preparations which I, as a matter of duty in my capacity as
a high-ranking soldier, carried out.

Q. A matter was brought up here concerning an aeroplane
accident which could possibly have befallen Mr. Dahlerus.
What about this remark?

A. The witness Dahlerus said at the conclusion of his
testimony that he would have to correct himself, that he had
not received this absurd information from me, but that this
was a conclusion of his because I had mentioned Ribbentrop's
name shortly before in an entirely different connection. I
had only one concern and that I indicated: Dahlerus flew in
my own plane to London at that time; the tension was already
very acute, and in all States the mobilisation and the
threatening had been proclaimed. Official air transport had
been cut off long before. So it was not possible for a
German plane to fly to London

                                                  [Page 237]

with a courier or, vice versa, a British plane to fly to
Berlin at that time without risking danger from our anti-
aircraft batteries or the like, and I wanted to obviate this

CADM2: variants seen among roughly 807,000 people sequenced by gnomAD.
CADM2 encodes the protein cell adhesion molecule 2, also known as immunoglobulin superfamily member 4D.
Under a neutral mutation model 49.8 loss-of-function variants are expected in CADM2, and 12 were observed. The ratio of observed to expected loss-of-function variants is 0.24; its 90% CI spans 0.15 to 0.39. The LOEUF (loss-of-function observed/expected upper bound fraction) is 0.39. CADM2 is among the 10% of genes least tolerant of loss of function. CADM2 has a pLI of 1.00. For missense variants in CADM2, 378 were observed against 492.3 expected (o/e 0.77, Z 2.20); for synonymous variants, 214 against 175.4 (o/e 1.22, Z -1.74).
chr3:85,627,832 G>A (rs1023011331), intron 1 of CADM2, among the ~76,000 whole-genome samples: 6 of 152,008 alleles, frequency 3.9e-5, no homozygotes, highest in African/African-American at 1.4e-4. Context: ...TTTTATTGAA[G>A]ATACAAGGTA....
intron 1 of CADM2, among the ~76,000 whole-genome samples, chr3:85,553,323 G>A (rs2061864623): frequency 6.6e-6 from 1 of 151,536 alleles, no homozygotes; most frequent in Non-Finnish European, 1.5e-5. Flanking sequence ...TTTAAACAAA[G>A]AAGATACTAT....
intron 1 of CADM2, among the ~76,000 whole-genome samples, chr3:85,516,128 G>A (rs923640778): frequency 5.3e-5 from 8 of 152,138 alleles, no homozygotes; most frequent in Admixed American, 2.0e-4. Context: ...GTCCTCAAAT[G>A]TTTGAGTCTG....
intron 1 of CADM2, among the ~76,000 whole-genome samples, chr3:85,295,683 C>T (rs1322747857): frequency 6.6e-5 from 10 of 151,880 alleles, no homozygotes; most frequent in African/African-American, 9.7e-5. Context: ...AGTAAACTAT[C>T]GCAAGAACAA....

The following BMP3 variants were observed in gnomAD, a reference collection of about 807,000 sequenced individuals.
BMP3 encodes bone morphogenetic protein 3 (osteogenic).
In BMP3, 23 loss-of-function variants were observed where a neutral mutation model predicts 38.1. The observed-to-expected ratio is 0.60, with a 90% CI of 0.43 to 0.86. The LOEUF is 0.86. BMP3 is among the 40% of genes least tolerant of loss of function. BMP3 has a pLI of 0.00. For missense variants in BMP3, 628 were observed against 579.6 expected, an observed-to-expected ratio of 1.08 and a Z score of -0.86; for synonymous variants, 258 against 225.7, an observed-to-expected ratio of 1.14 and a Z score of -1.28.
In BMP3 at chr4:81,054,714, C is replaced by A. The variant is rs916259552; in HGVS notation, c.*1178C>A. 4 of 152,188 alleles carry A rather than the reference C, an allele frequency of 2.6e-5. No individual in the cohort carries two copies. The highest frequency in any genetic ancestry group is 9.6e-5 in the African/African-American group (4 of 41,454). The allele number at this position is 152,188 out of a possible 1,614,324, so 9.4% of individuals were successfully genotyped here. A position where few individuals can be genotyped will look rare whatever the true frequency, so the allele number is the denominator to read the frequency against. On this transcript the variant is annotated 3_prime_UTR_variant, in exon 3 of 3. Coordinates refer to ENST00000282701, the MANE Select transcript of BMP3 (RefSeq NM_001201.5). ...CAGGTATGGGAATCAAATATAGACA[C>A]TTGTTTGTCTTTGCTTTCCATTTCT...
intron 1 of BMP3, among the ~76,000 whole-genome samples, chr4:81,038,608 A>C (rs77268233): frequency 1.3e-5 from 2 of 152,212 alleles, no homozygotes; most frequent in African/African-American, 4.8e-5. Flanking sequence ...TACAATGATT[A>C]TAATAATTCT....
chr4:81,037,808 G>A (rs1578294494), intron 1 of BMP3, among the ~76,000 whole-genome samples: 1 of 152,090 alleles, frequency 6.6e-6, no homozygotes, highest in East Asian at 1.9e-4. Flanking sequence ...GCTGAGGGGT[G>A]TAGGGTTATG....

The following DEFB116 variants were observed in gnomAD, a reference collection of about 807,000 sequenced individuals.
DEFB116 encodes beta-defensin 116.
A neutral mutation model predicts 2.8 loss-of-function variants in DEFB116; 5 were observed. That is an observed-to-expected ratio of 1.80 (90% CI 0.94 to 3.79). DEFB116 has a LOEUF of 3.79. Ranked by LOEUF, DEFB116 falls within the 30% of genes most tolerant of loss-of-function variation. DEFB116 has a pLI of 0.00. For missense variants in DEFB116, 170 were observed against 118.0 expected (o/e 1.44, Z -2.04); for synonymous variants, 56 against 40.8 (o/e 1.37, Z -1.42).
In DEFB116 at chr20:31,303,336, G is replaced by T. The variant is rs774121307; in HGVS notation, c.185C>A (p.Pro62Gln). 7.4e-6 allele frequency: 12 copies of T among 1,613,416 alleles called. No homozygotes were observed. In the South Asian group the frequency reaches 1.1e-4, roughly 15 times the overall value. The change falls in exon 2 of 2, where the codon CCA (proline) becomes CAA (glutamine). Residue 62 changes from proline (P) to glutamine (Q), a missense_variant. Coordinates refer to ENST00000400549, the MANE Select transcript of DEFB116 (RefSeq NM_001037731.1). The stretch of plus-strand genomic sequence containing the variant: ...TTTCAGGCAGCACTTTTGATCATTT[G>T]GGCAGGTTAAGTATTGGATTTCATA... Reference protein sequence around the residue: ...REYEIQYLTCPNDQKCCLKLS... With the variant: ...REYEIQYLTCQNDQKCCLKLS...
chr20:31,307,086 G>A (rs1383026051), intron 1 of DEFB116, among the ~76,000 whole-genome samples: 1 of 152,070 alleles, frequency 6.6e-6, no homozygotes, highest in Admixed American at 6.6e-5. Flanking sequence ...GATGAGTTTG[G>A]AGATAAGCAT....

danger, as far as possible, by telephoning Dutch and English
offices, as far as I remember. This was the only reason for
my telling Dahlerus that I hoped he would arrive and return
safely, because in those times an accident could easily have
taken place.

Herr von Ribbentrop knew nothing whatsoever about the fact
that Dahlerus was being sent. During the whole time I never
discussed the matter of Dahlerus with Herr von Ribbentrop.
Thus he did not know at all that he was flying, that he went
back and forth between me and the British Government. That
is an absolute concoction.

Q. On 26th September, 1939, were you present at the
conference between Dahlerus and Hitler?

A. Yes.

Q. What did Hitler say then about Poland?

A. It is correct that he made statements to the effect that
a restoration of Poland as she existed before the outbreak
of war could no longer be considered after arms had decided,
but that he would now, of course, keep the old German
provinces that had been taken in 1918. But even at that time
he indicated that a Government General in Warsaw would not